UPDATE 01/27/14: In an interview with the Agence France Press on Saturday, January 25, President François Hollande said that his relationship with his girlfriend, Valérie Trierweiler, had ended. “I am making it known that I have put an end to my shared life with Valerie Trierwiler,” he told the AFP in a phone call. He did not mention the visit to the United States, scheduled for February 11, but it is expected he will come without a companion, other than the members of his official party. Read the original story below.
So much of political life is about timing. French President François Hollande has landed in the middle of a juicy romantic scandal less than a month away from a state visit to Washington with his longtime girlfriend, Valérie Trierweiler, by his side. Or will she be? Right now that’s a mystery, but one American and French protocol officials want resolved as soon as possible.
At a long-scheduled news conference on Tuesday in Paris, Hollande was asked, according to the Guardian, “Is Valerie Trierweiler still France’s First Lady?” He indicated he would not answer that question at the news conference but “will do so by the deadline,” presumably a reference to his Washington visit. He also said, according to the Guardian, “Everyone in their personal life can encounter difficulties. They are tough moments. Private matters should be treated in private.” (Updated 11:32 AM.)
Trierweiler, who lives with Hollande in the Elysée Palace and is considered France’s unofficial First Lady, is in a French hospital, recovering from what the Elysée Palace so elegantly confirmed as a gros coup de blues. In other words, heartbreak after hearing reports that Hollande was having an affair with French actress Julie Gayet.
Is the affair for real? That remains to be seen, but still the air of scandal threatens to follow Hollande to Washington.
It all started last week with a photo in the French magazine Closer. No one has said absolutely, but studious journalists noted that a man photographed in the sidecar of a motorcycle, hidden under a helmet, wore the same shoes Hollande wears, and that the driver of the motorcycle was Hollande’s bodyguard. The motorcycle dropped the helmeted man at an apartment building where Hollande and Gayet allegedly rendezvous, a building that has since been linked to the Corsican mafia.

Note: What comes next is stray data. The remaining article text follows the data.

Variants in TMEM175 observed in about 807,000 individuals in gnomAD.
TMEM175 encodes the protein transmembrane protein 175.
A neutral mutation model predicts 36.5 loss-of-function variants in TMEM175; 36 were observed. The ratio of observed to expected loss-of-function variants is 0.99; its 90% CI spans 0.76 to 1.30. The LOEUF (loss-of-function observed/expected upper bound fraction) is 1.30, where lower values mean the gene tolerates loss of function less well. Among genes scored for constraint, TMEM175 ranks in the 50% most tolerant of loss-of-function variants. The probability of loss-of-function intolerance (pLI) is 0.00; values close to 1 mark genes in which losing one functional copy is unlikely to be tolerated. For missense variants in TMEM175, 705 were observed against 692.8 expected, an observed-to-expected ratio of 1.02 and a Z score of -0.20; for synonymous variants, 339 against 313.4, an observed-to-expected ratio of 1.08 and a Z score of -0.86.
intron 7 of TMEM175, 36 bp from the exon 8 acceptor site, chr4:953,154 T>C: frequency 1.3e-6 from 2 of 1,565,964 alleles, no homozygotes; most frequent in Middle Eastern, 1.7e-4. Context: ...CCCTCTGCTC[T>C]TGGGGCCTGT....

Since Hollande’s popularity is currently so low, his advisers want him to deal with the scandal now, well before the state visit to Washington, during which he and Trierweiler are scheduled to attend a formal state dinner hosted by President and Mrs. Obama.
What does this mean to Washington? For the State Department office of protocol, the White House social office, and the French Embassy it means public calm to mask private concern. Sources indicate the day-to-day is being watched closely. Much goes into the planning of a state visit, and since Trierweiler would be given the courtesies of a First Lady, she would likely have her own agenda. This can sometimes mean private social events or public tours to areas of interest in the city, such as schools or museums.
The most prominent part of the visit, however, is the state dinner. What if Trierweiler backs out? “Clearly the office would have to prepare a backup seating plan, so that there is no empty seat,” says Beth Ann Newton, editor of The Green Book, which serves as Washington’s social directory and guide to questions of official protocol. While Newton couldn’t address what an absent Trierweiler would mean in terms of media sensation, she said the rules of etiquette and protocol help guide planners through a difficult situation.
The well-known Washington etiquette expert Judith Martin, who writes a syndicated column as “Miss Manners,” points out how times have changed. “Back in the day the White House had to deal with polygamous monarchs,” she says. “The monarch would be asked to choose one of his wives.”
As for the current romantic brouhaha, “it’s up to them to decide what to do,” Martin says of Hollande and Trierweiler. “He doesn’t have to bring a date if he doesn’t want to.” Washington, more or less, has to stand on the sidelines. “The American government would be very amiss trying to tell them, ‘Straighten up your love life before you get here.’”
Martin, a seasoned journalist, acknowledges the sensation factor that could accompany Hollande to Washington, with or without Trierweiler. But the etiquette mentioned by Newton keeps the ship of state afloat.
“The scandal is very amusing to people who don’t have to work with it and hard on the people who do,” says Martin. “But there’s a great difference between public curiosity and official recognition. Unless [Hollande] brings it up, you [the White House, State Department, French Embassy] should stay away from it. Just just go about planning your dinner. There is an expression: ‘Too polite to notice.’”